Lebanon’s economic crisis endures, as does the EU’s ‘fear’ of refugees

Lebanon and the Lebanese people are still suffering a debilitating economic crisis that has gripped the country since 2019.

The pound has plummeted to less than 10 percent of its value before the crisis, savings have disappeared both in terms of exchange rates and actual deposits as banks announce they have no cash to release, and more and more people worry about simply staying alive.

About 80 percent of the population is below the poverty line and 36 percent is below the “extreme poverty line”, living on less than $2.15 a day.

A recent deal worth 1 billion euros ($1.06bn) with the European Union may have been seen as a godsend in such circumstances, but it has brought to the fore even more problems.


EU grants over the past three years are not purely to help Lebanon’s economy.

Rather, they are mostly to “ensure the wellbeing of host communities and Syrian refugees”, as European Commission President Ursula von der Leyen said. Nearly three-quarters of the package is earmarked for that in hopes that refugees will be dissuaded from heading for Europe.

Lebanon has taken in millions of Syrian refugees who have fled their country’s 13-year war.

As more Lebanese people found their lives devastated by the economic crisis, hostility towards refugees has risen, encouraged by a public campaign backed by mainstream Lebanese media and state figures.

The EU package was strongly criticised by human rights workers and analysts, who said the deal rewards the state’s financial mismanagement and mistreatment of the Syrian community.

More than 300 Syrians have returned – or been returned – to their home country in what Lebanese authorities call a “voluntary return” programme.

But rights groups have panned the initiative, which comes off the back of 13,000 forced deportations of Syrians in 2023 alone, violence towards refugees in Lebanon and ongoing conflict in Syria itself.

“Human Rights Watch has documented the summary deportation of thousands of Syrians in 2023 and [the] deportation of opposition activists and army defectors this year,” Ramzi Kaiss, a researcher in the Middle East and North Africa Division at the right group, told Al Jazeera.

“Among those documented deportations were Syrians who were attempting to flee Lebanon by sea and returned to Lebanon by the Lebanese armed forces and subsequently deported.

“The fact that the EU would provide funds to encourage that behaviour is shameful.”

‘Asking people to starve’

Another enduring issue in Lebanon renders the assistance less than helpful.

“The biggest problem is the total absence of accountability,”  Karim Emile Bitar, professor of international relations at Saint Joseph’s University in Beirut, told Al Jazeera. “Even the Lebanese minister of finance acknowledged that local corruption could be a major [issue].”

The country’s poor do not benefit from money coming into the country, left to fend for themselves.

“In this country, we live by the blessing of God Almighty, … and people help each other,” Abu Omar, the owner of a clothing shop in Tripoli, Lebanon’s second largest and poorest city, told Al Jazeera.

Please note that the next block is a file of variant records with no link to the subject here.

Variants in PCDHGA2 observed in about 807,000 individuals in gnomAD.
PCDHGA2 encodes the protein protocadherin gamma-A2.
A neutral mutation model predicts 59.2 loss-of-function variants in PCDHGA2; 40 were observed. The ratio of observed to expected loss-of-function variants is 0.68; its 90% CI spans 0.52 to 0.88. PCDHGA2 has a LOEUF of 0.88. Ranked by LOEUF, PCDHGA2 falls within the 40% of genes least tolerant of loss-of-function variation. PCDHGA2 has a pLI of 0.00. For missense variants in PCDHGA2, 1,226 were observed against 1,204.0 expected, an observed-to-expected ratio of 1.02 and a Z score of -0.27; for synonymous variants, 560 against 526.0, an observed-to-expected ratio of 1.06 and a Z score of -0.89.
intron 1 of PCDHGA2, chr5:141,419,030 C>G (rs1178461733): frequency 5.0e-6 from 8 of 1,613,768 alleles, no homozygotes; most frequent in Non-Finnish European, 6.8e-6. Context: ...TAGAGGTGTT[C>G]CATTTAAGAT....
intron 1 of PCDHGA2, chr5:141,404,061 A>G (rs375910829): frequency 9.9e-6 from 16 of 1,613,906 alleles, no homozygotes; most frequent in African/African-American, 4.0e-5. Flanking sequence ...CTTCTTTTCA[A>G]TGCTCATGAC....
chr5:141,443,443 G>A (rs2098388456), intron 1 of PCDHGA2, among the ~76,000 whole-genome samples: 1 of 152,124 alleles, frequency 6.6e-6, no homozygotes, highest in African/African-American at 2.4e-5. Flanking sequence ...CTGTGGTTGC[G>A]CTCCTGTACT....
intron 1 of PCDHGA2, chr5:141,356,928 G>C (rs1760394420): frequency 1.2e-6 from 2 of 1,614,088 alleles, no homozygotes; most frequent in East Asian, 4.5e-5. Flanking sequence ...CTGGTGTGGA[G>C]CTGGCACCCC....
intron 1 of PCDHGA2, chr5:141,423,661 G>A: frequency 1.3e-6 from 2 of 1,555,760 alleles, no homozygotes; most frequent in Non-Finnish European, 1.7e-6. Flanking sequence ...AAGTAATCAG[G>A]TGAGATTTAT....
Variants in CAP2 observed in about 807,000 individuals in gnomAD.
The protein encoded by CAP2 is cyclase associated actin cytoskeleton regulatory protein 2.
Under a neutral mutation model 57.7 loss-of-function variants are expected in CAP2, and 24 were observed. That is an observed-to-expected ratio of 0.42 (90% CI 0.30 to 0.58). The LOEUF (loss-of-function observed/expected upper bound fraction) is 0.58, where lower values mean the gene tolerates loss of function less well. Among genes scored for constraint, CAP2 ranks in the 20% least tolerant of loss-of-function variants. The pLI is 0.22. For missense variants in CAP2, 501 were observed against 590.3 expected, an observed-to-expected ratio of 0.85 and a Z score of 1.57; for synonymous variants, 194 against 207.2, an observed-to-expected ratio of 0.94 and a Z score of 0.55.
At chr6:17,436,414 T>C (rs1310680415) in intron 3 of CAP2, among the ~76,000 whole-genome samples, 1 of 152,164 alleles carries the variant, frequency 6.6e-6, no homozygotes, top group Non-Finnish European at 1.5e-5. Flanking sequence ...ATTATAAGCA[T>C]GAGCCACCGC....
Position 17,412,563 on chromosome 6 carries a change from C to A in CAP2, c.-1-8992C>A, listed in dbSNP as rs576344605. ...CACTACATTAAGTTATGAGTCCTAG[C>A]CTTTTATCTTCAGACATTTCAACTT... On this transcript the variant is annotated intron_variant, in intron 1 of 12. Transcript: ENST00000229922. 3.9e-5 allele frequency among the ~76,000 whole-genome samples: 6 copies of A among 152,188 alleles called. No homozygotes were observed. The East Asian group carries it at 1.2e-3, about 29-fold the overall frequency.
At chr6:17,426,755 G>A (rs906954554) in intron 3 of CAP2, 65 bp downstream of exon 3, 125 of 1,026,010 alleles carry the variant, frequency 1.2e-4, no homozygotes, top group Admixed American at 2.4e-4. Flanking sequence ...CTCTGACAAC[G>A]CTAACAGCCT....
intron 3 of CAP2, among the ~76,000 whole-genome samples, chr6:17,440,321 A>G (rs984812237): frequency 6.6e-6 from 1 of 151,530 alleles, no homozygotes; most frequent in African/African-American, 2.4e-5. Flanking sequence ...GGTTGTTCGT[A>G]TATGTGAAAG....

“Everything is very expensive, and the economic situation is very bad. There’s no money and very little work and lots of taxes.”

Lebanon’s Parliament passed a new budget in January aimed at cutting its significant deficit, which the World Bank says is 12.8 percent of its gross domestic product.

The new budget increased the value-added tax and decreased progressive taxes on things like capital gains, real estate and investments – hitting the poorest and most vulnerable the hardest, according to economists.

“With this kind of strategy to curb the deficit, people can’t meet basic needs of health, food, shelter and education,” Farah Al Shami, the social protection programme leader at the Arab Reform Initiative, told Al Jazeera.

‘Nothing new under the sun’

International financial institutions like the World Bank have been pushing Lebanon’s leaders to introduce reforms to increase “transparency, inclusion and accountability” as a condition for releasing aid packages.

The International Monetary Fund has been sitting on a badly needed $3bn package that would, in theory, help the state’s many near-bankrupt, paralysed institutions get up and running again.

Lebanon’s political elite has avoided implementing reforms, worried that transparency may reveal corruption among a leaders focused on protecting their business monopolies, according to Leila Dagher and Sumru Altug, writing for the Georgetown Journal of International Affairs.

The alternative, according to some observers, has been to wait and hope that the international community will eventually feel that it is to its benefit to prop up even a failing governing structure as long as it helps hold back some refugees.

The EU has given Lebanon more than 3 billion euros ($3.3bn) since 2011, half of which was to help with the fallout from the war in Syria – money that was supposed to help refugees become self-sufficient and help the Lebanese host community.

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